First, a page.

Watching students she has known throughout their high school career walk across the graduation stage is one of school psychologist Sheila Altmann’s favorite aspects of her job. As Altmann’s students receive their diploma, she always has a flashback of them in freshman year — most likely struggling if they were in need of her assistance — and appreciates how far they’ve come as graduating seniors, as well as the journey required to get there.
Altmann recalls being inspired to become a psychologist the summer after graduating high school while working at a summer camp. Because she loved working with children, Altmann thought she wanted to be a teacher. However, after teaching trampoline at this summer camp, discussions about a child reluctant to play changed her outlook on her future job.
“I noticed some children who were really sort of lethargic and they wouldn’t work on anything,” Altmann said. “They didn’t want to jump on the trampoline, which was very unusual. Usually, [for other children], it was a fight to keep them off. And when I said, ‘Oh what’s wrong with Johnny?’ [other camp counselors would] say, ‘Oh, he’s hyperactive,’ and it’s like hyperactive? He’s not moving and he won’t do anything. They said, ‘Oh yeah, cuz he’s on medication.’ So I got very interested in the field of hyperactivity and attention deficit disorder and that’s sort of what started me on that path.”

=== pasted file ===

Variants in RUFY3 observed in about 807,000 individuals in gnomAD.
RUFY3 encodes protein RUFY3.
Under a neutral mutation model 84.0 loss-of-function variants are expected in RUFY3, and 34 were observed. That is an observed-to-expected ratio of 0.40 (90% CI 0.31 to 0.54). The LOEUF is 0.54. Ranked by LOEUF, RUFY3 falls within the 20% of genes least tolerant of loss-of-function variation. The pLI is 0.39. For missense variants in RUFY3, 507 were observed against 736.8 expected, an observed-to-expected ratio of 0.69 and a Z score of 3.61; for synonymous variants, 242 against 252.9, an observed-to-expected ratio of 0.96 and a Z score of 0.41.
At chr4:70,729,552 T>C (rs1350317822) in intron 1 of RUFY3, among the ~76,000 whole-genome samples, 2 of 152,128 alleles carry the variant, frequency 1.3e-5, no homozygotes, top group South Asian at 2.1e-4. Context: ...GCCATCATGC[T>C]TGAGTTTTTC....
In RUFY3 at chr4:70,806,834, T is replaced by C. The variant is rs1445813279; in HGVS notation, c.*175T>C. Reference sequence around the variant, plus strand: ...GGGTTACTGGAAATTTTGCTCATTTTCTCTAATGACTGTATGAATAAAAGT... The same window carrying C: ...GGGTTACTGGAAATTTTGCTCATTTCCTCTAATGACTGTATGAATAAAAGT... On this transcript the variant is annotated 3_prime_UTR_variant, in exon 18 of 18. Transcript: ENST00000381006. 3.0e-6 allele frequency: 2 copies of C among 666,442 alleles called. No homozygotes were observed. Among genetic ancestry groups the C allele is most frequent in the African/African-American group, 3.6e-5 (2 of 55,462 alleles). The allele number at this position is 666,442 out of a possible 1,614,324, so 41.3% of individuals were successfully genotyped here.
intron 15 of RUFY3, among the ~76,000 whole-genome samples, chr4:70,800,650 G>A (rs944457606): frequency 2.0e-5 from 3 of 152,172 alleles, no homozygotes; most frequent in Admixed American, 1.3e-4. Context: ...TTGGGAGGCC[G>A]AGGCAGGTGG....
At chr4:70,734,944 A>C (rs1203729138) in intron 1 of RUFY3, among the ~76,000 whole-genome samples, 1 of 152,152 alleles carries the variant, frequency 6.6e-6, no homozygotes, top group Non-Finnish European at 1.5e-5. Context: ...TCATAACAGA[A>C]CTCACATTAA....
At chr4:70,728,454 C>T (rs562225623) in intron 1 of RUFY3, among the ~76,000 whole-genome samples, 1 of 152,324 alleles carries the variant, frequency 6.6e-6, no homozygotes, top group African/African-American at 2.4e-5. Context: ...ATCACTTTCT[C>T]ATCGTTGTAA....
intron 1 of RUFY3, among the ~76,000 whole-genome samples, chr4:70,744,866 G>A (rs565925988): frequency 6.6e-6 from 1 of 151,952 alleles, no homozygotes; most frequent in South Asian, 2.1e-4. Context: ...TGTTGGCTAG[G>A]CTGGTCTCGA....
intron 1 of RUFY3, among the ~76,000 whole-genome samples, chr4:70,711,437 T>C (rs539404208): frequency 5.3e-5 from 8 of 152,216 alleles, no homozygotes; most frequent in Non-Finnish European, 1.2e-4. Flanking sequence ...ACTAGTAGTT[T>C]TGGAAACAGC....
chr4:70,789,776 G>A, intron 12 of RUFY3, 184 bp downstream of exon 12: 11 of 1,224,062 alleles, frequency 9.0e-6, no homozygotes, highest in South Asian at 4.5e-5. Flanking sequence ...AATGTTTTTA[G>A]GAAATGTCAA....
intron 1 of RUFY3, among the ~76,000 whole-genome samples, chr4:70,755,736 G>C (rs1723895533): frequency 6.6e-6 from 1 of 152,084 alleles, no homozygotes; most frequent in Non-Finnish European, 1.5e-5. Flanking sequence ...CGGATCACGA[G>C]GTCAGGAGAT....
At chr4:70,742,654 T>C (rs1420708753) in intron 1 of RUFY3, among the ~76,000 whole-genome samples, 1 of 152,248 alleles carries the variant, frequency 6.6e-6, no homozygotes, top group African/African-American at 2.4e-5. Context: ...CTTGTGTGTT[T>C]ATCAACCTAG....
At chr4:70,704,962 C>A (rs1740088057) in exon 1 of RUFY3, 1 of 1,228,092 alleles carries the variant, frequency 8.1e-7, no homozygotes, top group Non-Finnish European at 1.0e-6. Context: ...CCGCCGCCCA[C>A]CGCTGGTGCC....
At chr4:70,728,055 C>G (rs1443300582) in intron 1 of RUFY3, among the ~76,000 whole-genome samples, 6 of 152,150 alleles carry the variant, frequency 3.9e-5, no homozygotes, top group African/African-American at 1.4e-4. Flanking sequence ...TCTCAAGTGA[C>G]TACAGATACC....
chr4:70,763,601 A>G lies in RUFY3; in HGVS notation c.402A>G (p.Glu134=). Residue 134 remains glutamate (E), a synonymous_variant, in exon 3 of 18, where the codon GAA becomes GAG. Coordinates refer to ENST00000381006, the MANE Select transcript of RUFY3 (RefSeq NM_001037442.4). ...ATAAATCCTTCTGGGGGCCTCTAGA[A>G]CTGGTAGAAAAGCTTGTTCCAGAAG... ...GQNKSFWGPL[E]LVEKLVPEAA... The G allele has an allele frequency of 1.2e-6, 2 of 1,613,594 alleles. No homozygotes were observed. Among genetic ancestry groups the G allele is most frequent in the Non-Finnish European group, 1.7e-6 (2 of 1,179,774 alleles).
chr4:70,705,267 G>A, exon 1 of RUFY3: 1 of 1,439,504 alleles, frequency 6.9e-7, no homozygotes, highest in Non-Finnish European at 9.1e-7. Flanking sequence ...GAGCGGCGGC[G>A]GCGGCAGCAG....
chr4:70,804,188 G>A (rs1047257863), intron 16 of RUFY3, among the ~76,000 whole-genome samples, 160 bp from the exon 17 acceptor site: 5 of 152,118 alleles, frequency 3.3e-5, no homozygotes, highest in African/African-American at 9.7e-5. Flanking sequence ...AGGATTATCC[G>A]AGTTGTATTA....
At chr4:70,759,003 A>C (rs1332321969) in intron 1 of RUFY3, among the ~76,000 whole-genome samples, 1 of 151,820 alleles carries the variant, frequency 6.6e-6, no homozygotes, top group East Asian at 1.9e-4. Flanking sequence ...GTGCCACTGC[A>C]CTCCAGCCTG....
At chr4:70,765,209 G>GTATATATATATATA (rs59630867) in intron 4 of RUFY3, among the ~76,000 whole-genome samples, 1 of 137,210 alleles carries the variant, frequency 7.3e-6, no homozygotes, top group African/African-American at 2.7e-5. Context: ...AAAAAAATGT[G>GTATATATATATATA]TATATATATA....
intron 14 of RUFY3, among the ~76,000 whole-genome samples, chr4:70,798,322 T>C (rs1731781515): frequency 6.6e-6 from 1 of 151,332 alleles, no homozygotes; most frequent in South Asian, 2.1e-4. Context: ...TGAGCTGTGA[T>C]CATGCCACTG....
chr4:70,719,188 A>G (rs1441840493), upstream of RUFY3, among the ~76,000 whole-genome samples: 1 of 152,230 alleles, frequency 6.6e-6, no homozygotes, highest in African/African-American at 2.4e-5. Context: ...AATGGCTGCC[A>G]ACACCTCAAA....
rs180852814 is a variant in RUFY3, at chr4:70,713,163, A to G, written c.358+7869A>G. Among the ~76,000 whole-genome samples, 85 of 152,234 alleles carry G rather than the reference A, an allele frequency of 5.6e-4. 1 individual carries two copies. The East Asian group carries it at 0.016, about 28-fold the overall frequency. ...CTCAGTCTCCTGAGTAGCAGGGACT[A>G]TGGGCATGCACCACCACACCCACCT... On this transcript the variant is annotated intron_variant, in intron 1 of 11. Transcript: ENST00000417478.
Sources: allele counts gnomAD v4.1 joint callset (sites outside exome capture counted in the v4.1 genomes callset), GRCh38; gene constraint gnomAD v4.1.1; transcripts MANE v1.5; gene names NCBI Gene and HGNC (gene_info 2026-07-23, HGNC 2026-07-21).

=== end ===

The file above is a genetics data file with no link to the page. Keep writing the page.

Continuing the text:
As a school psychologist at MVHS, Altmann works with both the counseling and special education department. Through this combination of departments, she met Paula Dowell, an education specialist. According to Dowell, her first impression of Altmann was, “Jesus, she’s one confident lady” and because of their similarities in both the education field — Dowell has a master’s degree in clinical psychology — as well as their personal interests, like theater and going to dinner together, Altmann and Dowell grew to have a close relationship.
At one shared dinner, Dowell remembers a specific instance where Altmann called attention to an older woman whose husband was treating her in a rough manner.
“He was kind of gripping her hands, and she couldn’t feed herself so he was stuffing food in her mouth and [Altmann] went out of her way to help,” Dowell said. “She brought that to the attention of a police officer who happened to be there. She just goes out of her way to be that advocate for people. I don’t know how else to express it.”
Dowell claims that the care and desire to advocate for others in situations outside of MVHS also reflects in Altmann’s work through the lengths she goes to in aiding her students. Dowell says that Altmann goes, “beyond the call of duty” and has seen her helping students in the hospital as well as, just in general, being there for all her students.
“She’s gone way outside of what you think a school psychologist would be doing. She just really cares about students,” Dowell said. “She’s able to stand up for students and that’s what I like about her, she puts that first.”
Like Dowell, counselor Clay Stiver admires Altmann’s willingness to always do her best to stand up for her students. According to Stiver, Altmann is very detail oriented, patient and caring in explaining what support is available for her students, even going so far as to form relationships with parents of her students. He explains her help reached “beyond the student, it was [for] the entire family” and also “outside the box.”